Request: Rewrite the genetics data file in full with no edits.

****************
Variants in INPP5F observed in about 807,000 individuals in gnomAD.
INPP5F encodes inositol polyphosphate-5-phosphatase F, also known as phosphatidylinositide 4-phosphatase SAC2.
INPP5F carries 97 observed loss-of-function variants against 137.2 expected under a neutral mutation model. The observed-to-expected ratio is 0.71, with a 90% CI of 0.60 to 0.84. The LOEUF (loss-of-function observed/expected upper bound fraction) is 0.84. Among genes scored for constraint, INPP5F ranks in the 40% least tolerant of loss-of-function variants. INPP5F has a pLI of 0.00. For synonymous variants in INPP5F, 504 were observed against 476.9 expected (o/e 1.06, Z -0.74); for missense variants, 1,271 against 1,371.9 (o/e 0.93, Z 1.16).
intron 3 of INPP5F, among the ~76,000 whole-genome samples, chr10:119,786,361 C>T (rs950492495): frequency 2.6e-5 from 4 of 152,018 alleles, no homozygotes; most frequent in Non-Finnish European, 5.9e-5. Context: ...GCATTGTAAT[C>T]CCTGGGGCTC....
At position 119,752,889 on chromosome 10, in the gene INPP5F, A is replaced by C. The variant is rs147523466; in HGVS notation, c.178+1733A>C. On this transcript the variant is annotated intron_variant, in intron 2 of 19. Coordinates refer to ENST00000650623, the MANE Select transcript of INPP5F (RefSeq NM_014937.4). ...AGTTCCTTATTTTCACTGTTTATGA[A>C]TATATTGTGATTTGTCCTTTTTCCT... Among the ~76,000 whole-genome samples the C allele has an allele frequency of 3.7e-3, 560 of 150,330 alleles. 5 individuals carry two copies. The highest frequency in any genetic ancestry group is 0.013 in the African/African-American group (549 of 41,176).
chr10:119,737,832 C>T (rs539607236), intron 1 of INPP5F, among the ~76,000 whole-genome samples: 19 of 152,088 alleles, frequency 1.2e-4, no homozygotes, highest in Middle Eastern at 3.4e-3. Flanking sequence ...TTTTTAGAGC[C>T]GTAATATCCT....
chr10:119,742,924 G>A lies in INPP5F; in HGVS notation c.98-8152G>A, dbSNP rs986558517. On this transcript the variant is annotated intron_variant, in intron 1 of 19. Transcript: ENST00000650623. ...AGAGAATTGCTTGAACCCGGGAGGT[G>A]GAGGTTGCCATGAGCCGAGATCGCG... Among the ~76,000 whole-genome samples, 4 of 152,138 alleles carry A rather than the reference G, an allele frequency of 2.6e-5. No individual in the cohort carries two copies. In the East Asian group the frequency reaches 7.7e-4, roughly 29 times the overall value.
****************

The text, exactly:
Variants in INPP5F observed in about 807,000 individuals in gnomAD.
INPP5F encodes inositol polyphosphate-5-phosphatase F, also known as phosphatidylinositide 4-phosphatase SAC2.
INPP5F carries 97 observed loss-of-function variants against 137.2 expected under a neutral mutation model. The observed-to-expected ratio is 0.71, with a 90% CI of 0.60 to 0.84. The LOEUF (loss-of-function observed/expected upper bound fraction) is 0.84. Among genes scored for constraint, INPP5F ranks in the 40% least tolerant of loss-of-function variants. INPP5F has a pLI of 0.00. For synonymous variants in INPP5F, 504 were observed against 476.9 expected (o/e 1.06, Z -0.74); for missense variants, 1,271 against 1,371.9 (o/e 0.93, Z 1.16).
intron 3 of INPP5F, among the ~76,000 whole-genome samples, chr10:119,786,361 C>T (rs950492495): frequency 2.6e-5 from 4 of 152,018 alleles, no homozygotes; most frequent in Non-Finnish European, 5.9e-5. Context: ...GCATTGTAAT[C>T]CCTGGGGCTC....
At position 119,752,889 on chromosome 10, in the gene INPP5F, A is replaced by C. The variant is rs147523466; in HGVS notation, c.178+1733A>C. On this transcript the variant is annotated intron_variant, in intron 2 of 19. Coordinates refer to ENST00000650623, the MANE Select transcript of INPP5F (RefSeq NM_014937.4). ...AGTTCCTTATTTTCACTGTTTATGA[A>C]TATATTGTGATTTGTCCTTTTTCCT... Among the ~76,000 whole-genome samples the C allele has an allele frequency of 3.7e-3, 560 of 150,330 alleles. 5 individuals carry two copies. The highest frequency in any genetic ancestry group is 0.013 in the African/African-American group (549 of 41,176).
chr10:119,737,832 C>T (rs539607236), intron 1 of INPP5F, among the ~76,000 whole-genome samples: 19 of 152,088 alleles, frequency 1.2e-4, no homozygotes, highest in Middle Eastern at 3.4e-3. Flanking sequence ...TTTTTAGAGC[C>T]GTAATATCCT....
chr10:119,742,924 G>A lies in INPP5F; in HGVS notation c.98-8152G>A, dbSNP rs986558517. On this transcript the variant is annotated intron_variant, in intron 1 of 19. Transcript: ENST00000650623. ...AGAGAATTGCTTGAACCCGGGAGGT[G>A]GAGGTTGCCATGAGCCGAGATCGCG... Among the ~76,000 whole-genome samples, 4 of 152,138 alleles carry A rather than the reference G, an allele frequency of 2.6e-5. No individual in the cohort carries two copies. In the East Asian group the frequency reaches 7.7e-4, roughly 29 times the overall value.